Why Go Outside?
“I go to the hills when my heart is lonely, I know I will hear what I’ve heard before.” So sings Maria in The Sound of Music. Ambreen Tariq of @brownpeoplecamping says “When you go to places you believe you don’t belong is when you see the profound.” Maybe you head outside to walk your dog, to tend your vegetable garden, to ride your unicycle, or to feel the rush of adrenaline when you summit a mountain. The reasons people go outside are endless. The thing that I’ve found, and love about the natural world, is that it can hold all of our reasons for going outside. It can meet us where we are, and it never fails to deliver something to nourish and inspire us.
I have a practice of going on a silent, solo retreat in the wilderness every season of every year. I find that this regular encounter with quiet and wild places grounds and aligns me to be in the world the way that I want to be. On my solo trip this summer, I had the chance to go to the Desolation Wilderness and spend some time exploring a quiet, cold mountain lake.
On the first morning of my solo, I was emerging from my second swim of the day, and I noticed a bizarre sight of what seemed like a two headed caterpillar clinging to a rock. One head was facing skyward and another pointed out towards the lake at a ninety degree angle. I’d never seen anything like it. A few moments later the perpendicular facing head moved, and in a flash an entire second caterpillar came out of the first, flipped around, and clung to the first caterpillar’s body. “Oh my!” I thought, “they’re mating!”
A few minutes later I looked down at what I thought was my duo of caterpillars, and saw that the one that had done the flip was now slowly growing beautiful, iridescent wings. Over the next half hour an entirely new creature emerged that I eventually identified as a dragonfly.
Once the dragonfly’s wings had fully formed it spread those wings wide, held onto its bug carcass, and stayed perfectly still, drying off in the sun. After a while the first dragonfly I had seen closed its wings, and in the blink of an eye, flew off, back towards the trees and granite peaks that surrounded the lake, leaving its now dry and paper-thin carcass behind.
I looked around and noticed five black water bugs crawling out of the water. They were going slowly, and stumbled as they went. They did each eventually find a rock to cling to, and as I watched I realized that these water bugs would soon have a “second” head burst out of their backs, and that an hour later they would become the carcasses to which a new dragon fly would cling in the warm sun, and from which they would fly away.
As my solo continued, I learned that it was not only my rock that was a transformation zone for dragonflies, but that this phenomenon was happening a thousand fold, all around the lake. There were empty carcasses everywhere -- shells that spoke of new life, of letting go, and of trusting one’s internal wisdom of how to become one’s whole self in the world.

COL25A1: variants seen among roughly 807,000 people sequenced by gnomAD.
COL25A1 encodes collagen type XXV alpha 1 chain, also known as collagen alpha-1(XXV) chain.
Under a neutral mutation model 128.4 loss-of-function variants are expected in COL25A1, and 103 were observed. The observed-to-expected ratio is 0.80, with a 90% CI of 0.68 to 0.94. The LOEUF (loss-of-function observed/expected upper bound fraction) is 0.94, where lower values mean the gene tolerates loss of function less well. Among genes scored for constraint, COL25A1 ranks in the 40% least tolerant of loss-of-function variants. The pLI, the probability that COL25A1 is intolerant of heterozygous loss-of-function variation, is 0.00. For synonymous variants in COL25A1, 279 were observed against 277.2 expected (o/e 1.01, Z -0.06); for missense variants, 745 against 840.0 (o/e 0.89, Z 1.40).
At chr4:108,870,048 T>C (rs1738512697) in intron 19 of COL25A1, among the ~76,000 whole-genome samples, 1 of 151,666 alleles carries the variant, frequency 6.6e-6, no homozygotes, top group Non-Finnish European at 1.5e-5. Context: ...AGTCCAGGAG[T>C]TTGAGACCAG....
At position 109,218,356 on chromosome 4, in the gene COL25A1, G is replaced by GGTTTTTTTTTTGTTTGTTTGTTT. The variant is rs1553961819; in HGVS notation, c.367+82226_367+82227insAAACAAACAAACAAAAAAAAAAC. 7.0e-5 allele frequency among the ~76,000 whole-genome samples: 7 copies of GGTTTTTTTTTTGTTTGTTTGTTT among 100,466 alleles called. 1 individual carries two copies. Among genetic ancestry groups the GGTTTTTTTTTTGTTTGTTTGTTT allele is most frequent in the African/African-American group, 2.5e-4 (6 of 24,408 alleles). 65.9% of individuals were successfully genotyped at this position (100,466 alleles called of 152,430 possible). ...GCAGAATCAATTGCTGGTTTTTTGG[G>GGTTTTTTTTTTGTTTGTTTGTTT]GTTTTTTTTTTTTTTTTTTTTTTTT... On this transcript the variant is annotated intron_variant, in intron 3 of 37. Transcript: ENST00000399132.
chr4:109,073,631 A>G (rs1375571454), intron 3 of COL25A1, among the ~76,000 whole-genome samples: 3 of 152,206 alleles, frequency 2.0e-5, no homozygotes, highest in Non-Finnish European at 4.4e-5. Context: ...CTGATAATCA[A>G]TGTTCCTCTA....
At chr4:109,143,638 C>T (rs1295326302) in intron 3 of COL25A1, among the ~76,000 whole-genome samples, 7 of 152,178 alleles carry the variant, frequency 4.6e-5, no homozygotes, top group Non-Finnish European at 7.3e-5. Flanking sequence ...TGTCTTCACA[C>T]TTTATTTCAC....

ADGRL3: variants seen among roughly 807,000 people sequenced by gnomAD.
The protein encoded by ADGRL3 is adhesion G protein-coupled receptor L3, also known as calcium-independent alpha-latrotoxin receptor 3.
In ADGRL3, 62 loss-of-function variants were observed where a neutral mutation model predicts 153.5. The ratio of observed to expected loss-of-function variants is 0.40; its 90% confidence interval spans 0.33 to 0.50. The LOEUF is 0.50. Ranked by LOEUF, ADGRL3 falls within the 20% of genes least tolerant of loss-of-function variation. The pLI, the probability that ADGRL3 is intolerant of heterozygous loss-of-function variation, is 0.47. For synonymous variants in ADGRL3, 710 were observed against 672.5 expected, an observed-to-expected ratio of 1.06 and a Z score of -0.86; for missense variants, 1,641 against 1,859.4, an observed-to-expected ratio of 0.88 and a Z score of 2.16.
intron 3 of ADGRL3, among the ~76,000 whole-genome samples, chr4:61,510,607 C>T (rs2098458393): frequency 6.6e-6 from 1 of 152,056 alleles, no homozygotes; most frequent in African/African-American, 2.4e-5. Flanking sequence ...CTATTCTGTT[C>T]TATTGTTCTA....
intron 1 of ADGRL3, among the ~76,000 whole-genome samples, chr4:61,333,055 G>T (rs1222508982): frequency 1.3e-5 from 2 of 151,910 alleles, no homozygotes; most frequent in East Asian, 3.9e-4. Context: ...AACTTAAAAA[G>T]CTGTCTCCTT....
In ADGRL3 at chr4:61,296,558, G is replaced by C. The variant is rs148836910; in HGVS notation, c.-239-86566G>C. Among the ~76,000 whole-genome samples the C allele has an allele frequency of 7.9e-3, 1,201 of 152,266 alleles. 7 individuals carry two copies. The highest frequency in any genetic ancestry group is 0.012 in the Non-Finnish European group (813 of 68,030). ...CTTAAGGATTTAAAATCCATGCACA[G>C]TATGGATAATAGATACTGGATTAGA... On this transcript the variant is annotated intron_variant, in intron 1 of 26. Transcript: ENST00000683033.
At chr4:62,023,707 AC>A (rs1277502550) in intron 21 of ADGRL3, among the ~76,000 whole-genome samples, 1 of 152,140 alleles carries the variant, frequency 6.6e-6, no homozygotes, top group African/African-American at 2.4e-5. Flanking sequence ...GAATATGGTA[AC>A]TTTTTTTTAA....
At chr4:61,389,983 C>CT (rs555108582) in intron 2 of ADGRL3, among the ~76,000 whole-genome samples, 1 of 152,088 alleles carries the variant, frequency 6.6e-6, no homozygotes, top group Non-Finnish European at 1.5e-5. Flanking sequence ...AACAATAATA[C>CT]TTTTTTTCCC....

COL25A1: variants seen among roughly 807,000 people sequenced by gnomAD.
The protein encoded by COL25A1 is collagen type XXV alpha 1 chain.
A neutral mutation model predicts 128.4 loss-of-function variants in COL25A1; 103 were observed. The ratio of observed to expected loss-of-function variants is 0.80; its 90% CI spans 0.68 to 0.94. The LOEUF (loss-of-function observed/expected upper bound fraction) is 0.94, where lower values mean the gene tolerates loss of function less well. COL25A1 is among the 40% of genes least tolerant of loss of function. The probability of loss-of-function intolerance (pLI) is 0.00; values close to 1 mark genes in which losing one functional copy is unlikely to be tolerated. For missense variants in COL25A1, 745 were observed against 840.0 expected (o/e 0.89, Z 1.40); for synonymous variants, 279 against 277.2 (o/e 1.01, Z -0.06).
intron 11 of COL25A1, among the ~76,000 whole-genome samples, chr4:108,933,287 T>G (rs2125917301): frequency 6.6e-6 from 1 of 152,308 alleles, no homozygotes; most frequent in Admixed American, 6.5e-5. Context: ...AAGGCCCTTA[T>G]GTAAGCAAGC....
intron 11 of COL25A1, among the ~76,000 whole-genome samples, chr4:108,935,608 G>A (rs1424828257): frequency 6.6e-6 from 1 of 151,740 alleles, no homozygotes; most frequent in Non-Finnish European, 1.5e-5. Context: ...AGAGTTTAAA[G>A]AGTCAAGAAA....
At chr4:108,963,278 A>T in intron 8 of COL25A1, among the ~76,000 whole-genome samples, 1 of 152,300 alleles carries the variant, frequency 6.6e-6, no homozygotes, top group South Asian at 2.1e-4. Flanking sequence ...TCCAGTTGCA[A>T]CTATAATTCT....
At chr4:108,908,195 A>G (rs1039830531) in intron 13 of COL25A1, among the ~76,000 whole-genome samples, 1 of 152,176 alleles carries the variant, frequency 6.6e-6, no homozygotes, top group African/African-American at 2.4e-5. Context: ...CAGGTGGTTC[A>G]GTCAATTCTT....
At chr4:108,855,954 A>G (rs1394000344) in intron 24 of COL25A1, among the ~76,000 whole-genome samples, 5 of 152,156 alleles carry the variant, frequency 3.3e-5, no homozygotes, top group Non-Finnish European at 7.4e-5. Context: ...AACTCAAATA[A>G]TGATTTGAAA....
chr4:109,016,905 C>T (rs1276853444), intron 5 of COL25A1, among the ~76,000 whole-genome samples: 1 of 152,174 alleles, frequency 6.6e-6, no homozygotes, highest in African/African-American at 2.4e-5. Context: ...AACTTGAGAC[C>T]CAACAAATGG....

I share this story because it speaks to me of the many and varied stages of life that we all encounter as a part of being alive, that can be quite palpable as we transition to a new school year. First year students who are emerging from the water having trusted their instincts to find a place to support them as they continue to become themselves. Sophomores who are settling into this now known place and finding the courage to jump out of their old carcass shells and explore their identities. Juniors who are letting their wings emerge, wings that will support them on to their next venture, and Seniors who are letting all that growth and development integrate as they prepare to fully dry off and fly away to whatever might be next. All of these are vital parts of one’s life, each with its own gift and challenge.
Any one of us could relate to different parts of this dragonfly’s story, regardless of our class year or age. You could be a first year who feels like they’re drying off, a faculty person who feels like they’re emerging from the water, or a sophomore who feels they are flying away! Whatever your relation to this story, I also share it because for me it exemplifies how the natural world has the capacity to companion us in every state of our being. It can join us in the adventure we seek in surfing and summiting mountains, in our desire for quiet and stillness, and in the experience of storm and upheaval. If we take the time to get out there in it, and to notice what we experience, we can encounter that which will inspire and nourish us, reminding us that we belong however, and wherever, we are.
So first, where are you, and why might you seek some time outside this semester? And second, how can MA Outings create space for you to seek that encounter? Whether it’s exploring Mt. Tam with Liz, Ellie or Jon, kayaking among the bioluminescence with Tania, Diane and Abby, or surfing, hiking in the city, and/or exploring the Sierras with a pack on your back, I encourage you to check out this season’s twenty-eight offerings, sign up for what draws you, and see how the natural world might meet you just where you are.
Look inside, and Get Outside MA!!
Director of Outings